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Letters to the editor July 12

| July 12, 2021 12:00 AM

East-side shoppers

So there I was, chompin’ at the bit, anxious to read the Evergreen Chamber of Commerce’s Visitor Guide that came with the paper last week, hoping beyond hope that in it I’d find the news I’ve been waiting for. It was such a great read, filled with many interesting tidbits about our area, however, as I read from cover to cover, my heart sank. Not one mention in it about another department store relocating to the Evergreen area, preferably in either the old Shopko or K-Mart locations. I was devastated.

Our area needs such a business to open and serve the hundreds of customers who now must drive miles and miles and miles to shop for various necessities. When you reside on the east side of town, one almost has to pack a sack lunch to “go shopping.” And, by golly, you best have a tank full of gas and your best wits about you because you’re going to tangle with some mighty vicious traffic. Remembering those old days when we had it so good, little if any reckless, wild traffic and convenience at our fingertips makes me sort of tear up. Gone are the days when one could bid farewell to those left at home, saying: “I’ll be back in 45 minutes.” Now, it’s a good two to three hours to make simple purchases because getting there is the real challenge!

Seeing the Shopko and K-Mart buildings just sitting there being a haven for pigeons, is just not right ... not when so many folks on the east side of town could really benefit from having those stores reopen or some other businesses step in and serve us.

I’m still very hopeful and look forward to the day when we can, perhaps, go back to the simpler way of life we “easterners” once knew. I know it’s going to be a challenge, however, with the way our area’s growth has exploded, there must be a solution.

—Brenda Anderson, Columbia Falls

Drought is serious stuff

I’d like to comment on the recent article about the heat wave and megadrought in the West.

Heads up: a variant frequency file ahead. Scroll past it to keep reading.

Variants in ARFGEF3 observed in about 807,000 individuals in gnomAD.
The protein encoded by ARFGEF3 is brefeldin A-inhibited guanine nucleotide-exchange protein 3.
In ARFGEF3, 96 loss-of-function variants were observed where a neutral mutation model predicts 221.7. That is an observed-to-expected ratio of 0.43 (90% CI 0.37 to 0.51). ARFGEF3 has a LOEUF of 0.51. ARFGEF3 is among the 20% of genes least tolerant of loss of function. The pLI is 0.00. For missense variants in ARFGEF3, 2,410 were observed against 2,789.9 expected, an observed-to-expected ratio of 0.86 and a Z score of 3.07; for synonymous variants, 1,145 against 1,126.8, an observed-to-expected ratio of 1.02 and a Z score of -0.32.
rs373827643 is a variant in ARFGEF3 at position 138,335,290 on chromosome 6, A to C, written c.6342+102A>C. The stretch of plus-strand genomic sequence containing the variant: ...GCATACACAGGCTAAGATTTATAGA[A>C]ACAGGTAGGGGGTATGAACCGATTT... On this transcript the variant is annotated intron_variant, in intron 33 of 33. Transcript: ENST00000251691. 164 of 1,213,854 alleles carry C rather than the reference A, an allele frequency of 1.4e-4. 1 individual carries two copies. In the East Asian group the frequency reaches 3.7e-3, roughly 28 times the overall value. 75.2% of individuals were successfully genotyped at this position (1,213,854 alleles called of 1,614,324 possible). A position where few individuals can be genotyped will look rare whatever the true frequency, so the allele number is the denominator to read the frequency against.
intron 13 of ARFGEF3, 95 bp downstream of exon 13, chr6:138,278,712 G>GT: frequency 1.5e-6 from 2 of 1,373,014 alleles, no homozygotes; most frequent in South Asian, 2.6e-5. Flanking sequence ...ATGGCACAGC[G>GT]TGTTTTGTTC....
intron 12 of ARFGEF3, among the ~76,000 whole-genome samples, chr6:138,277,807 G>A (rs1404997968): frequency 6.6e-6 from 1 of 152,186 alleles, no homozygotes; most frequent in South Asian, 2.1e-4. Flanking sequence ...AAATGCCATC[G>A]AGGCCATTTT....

Studying tree rings, scientists found a 40 year long megadrought across the West in the 1100s and another, 30 years long, in the 1500s. The current drought is in the initial years, but its pattern matches the others closely, suggesting that we have two or three decades more to go.

The scientific analysis shows that without human caused climate change we would still have this megadrought, but that climate change will force this drought to be 45% (more or less) worse than it otherwise would be — both longer and drier. This once-in-a-thousand-years megadrought is serious stuff and will be worse than the previous two.

We need to act. It’s time to stop talking about the problem — the debate is over. We need to talk about solutions. Regulations aren’t the answer. Effective legislation must use conservative-friendly principles. The Energy Innovation and Carbon Dividend Act uses a market signal to decrease carbon use, support displaced workers and promote American innovation to make us the world leaders we should be.

Call Representative Rep. Matt Rosendale and Senators Jon Tester and Steve Daines and ask them to support HR2307. Act now.

—Walter Rowntree, Kalispell

Illegal border crossings

Senator Daines,

Here is a recommendation that will motivate the Biden administration to take action that will stop the flood of illegal immigration we are experiencing since early January. The influx is not sustainable

Washington D.C. should become a sanctuary city and the illegal immigrants being apprehended at our borders should all be bused to Washington D.C. and tent cities should be set up around the Capitol complex to house them until they can be deported. You already have a fence surrounding the Capitol that could be used for this purpose. I predict that housing, feeding and providing health care to these people over the next five months would change the administration’s attitude of “there is no problem, our borders are closed” to a bi-partisan Congressional action of “our borders are now closed! Do not continue to enter our country illegally.”

I implore you to take this action. I predict there will be an immediate change in attitude and policy addressing this problem

—James Malone, Kalispell